The trick is first knowing how video is added to FL Studio projects. You first need to add a Video Player instance to your Channel Rack. You can do this by clicking the plus sign to bring up the components you can add, and then choose FL Video Player.
This will add an instance of the video player. This is just a blank movie player. So next you have to add a movie into this player that you want to use in your project.
You can click on the folder icon, and this will allow you to navigate your system to the movie you want to add into your project. The following video formats are supported:
When you choose a supported file it will now be viewable in the player and you can use the video transport control to play back the video, or simply when you press play in FL Studio it will start the playback of the video as well.
So now when you start to add audio and MIDI parts to your project, you can sync them to points in the movie. Now let’s take a look at other features that this video player has so that it can help you sync parts together better.
What you’ll notice is if you click between different windows the video player gets hidden behind them. What you want when scoring to video is for the video player to always be visible. Now what you can do is click on the options drop-down menu and choose ‘Detached’. It will set the window floating above the rest, which is great as its now always visible. So you can easily scrub through to different sections and the video will be right there updating the location.
Now let’s take a look at what options are available on the video player itself. Let’s start with the transport on the bottom and take a look around. As mentioned, on the left you have the folder that allows you to locate a video to import into the project. Next is a lock icon, this will lock the timing of the video to your host which is FL, So the playback of both the video player and FL project will be in sync. If for some reason you don’t want them in sync you can disable this.
Next to this are the loop, play and stop controls. If your video does have any sound in it, you can adjust the volume dial on the right. Or mute it if you don’t want to hear the audio in the video by clicking the speaker icon.
Now as you know with video there are different frame rates that are used depending how the video was encoded, and you need to set this value for the video player. If you click on the arrow next to the video import folder icon, there are some extra options here. And down in the Time Display sub-menu, you can set the fps (frames per second) setting here. So just check how the video was encoded, either by checking its settings in a video player like Quicktime (this is quite easy, just open the file in Quicktime and then press Ctrl-I and this will open up the properties of the video showing the fps setting) or by checking with the video editor if you’re not too sure.
Now if you use your left and right arrow keys you can nudge the video one frame at a time. This is a great way to sync up perfectly with specific points.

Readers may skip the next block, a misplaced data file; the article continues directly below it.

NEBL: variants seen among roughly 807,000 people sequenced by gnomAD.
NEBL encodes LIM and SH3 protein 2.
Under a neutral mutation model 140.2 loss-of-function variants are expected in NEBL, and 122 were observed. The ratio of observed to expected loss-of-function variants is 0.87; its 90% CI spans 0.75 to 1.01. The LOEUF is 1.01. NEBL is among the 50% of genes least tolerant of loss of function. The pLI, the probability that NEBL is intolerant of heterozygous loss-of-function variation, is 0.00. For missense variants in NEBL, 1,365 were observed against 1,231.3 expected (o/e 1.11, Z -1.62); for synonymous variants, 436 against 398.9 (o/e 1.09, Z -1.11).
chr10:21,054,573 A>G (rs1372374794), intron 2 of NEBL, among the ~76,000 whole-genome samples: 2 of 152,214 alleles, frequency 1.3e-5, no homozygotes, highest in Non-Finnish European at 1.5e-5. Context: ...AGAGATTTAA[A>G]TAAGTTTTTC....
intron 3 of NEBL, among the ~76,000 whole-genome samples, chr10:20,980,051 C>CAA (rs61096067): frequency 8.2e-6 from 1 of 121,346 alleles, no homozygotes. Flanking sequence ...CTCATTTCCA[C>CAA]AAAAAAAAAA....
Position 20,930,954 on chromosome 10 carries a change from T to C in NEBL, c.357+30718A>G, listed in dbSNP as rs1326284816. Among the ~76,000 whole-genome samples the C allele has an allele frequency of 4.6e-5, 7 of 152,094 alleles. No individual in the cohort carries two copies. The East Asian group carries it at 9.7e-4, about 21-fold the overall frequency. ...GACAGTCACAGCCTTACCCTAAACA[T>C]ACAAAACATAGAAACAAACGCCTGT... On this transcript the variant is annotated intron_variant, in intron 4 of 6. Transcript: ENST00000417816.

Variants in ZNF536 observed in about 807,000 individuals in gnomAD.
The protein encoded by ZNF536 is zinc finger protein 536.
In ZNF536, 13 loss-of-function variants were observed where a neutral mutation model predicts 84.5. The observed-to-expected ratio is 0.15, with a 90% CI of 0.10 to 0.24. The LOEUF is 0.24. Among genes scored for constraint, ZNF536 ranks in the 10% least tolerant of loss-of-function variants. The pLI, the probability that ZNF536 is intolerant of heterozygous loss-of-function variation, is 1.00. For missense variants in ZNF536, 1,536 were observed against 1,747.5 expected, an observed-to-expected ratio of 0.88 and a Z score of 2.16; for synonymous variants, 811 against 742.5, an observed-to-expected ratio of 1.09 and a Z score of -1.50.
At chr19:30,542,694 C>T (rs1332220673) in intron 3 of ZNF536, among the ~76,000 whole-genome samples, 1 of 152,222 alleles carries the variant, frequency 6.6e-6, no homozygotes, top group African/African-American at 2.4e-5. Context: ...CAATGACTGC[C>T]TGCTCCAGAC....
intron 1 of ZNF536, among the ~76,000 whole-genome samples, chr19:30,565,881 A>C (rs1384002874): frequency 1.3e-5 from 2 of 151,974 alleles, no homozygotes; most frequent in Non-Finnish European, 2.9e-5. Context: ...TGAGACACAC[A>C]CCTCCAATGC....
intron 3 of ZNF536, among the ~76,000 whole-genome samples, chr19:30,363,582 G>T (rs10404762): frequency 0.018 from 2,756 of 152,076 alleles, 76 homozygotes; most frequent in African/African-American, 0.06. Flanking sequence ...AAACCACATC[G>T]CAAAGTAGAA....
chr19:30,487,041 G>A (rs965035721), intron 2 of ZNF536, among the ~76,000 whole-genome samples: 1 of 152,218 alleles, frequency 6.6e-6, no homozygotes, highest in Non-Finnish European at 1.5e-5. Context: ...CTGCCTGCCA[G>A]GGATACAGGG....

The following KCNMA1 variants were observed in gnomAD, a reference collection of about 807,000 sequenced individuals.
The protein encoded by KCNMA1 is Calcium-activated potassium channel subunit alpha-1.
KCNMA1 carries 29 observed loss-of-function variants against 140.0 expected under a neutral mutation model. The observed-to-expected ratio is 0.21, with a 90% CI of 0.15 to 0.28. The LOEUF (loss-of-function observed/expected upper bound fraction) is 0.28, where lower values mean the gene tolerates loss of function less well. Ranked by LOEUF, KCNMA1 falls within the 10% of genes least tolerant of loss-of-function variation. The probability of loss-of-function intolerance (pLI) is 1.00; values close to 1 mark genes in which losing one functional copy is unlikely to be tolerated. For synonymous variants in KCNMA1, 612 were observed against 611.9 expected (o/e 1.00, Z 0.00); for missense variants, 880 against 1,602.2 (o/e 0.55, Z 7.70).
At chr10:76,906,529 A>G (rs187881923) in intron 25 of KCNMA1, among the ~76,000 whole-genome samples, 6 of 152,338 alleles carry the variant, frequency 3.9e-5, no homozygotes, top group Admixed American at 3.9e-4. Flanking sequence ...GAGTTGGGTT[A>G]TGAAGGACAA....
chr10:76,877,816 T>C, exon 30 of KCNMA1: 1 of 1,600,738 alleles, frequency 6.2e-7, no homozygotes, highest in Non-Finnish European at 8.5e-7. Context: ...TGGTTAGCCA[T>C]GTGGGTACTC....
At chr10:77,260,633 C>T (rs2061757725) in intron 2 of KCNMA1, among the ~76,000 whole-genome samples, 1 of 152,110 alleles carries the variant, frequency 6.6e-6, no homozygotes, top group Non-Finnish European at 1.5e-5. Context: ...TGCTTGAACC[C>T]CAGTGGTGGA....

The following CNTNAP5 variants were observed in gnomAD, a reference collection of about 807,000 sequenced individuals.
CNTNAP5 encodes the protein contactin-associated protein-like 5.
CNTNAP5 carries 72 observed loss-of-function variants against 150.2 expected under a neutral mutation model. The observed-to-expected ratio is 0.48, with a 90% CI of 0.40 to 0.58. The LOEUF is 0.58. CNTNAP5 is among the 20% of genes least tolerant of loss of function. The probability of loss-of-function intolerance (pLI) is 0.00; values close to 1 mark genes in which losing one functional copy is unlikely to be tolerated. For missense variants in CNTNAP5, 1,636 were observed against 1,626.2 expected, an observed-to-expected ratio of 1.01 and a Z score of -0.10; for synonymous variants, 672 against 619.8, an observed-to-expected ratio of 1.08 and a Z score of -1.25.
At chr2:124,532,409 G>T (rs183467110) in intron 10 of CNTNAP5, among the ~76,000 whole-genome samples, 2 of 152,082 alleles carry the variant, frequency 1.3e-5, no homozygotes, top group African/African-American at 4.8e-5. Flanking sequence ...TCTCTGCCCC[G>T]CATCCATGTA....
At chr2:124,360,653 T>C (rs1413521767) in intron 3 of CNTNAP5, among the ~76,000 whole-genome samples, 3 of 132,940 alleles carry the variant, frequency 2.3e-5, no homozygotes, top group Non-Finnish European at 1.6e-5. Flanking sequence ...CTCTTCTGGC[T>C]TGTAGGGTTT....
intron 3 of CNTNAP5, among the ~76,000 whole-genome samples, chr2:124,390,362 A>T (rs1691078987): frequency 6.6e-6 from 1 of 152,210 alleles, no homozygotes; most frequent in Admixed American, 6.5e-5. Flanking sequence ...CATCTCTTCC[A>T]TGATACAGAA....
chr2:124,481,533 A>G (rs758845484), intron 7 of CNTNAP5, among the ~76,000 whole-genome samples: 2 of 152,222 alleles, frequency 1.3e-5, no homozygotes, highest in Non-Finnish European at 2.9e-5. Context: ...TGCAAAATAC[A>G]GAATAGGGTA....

At the bottom just above the scrubber slider control you have your Video Start point on the left, and the Video End point on the right. You can scrub with the slider and set these points, or you can click on them to type in a specific time. This is great if the editor wants a sound effect at a specific point. You can double check the SMTPE timing with them. Type that in, and make sure the sound effect is happening at the right area.
Also what’s good about these points is that you can use them to offset the video. So maybe you want a sound effect to come in just before the video starts, then you can actually set a negative time start point. This way you will have some extra time before the video comes in. And likewise with the end point, you can set this as well. Maybe the video fades out and there is an extra bit of black dead space at the end. Just set the end point where you want it, so that you don’t have to worry about this extra time in the project.
A real handy feature is setting the loop area for the video. You might be working with quite a long video, like maybe a movie which could be into the hours. Then you can set a loop area to mark off an area in the movie and focus in on just that space to make sure you get all the composing down for that section.
Then you can change the loop area to the part after this to continue scoring. I find this particularly handy when working through a longer video.
If the video you’re working with does have some sound in it that you need for example some dialogue, then you can route the video player to a Mixer track as well. This way you can mix and process that video sound in with your project.
So maybe you want to automate the levels of the dialogue with your mix and add some processing to it so it sits better in the mix. This is all possible by routing the audio from the video to the mixer.
So that covers how to use the video player in FL Studio to pull in movies that you want to sync and score to in your project. Maybe you’re making sound effects for a logo, or maybe you’re even working on a big film that needs some music compositions. It’s really a super easy player to use, and works seamlessly with FL Studio. Maybe you weren’t aware that you could work to video in FL, or maybe you didn’t know some of those extra features were there. So try out the video player in your future productions and see how it works for you.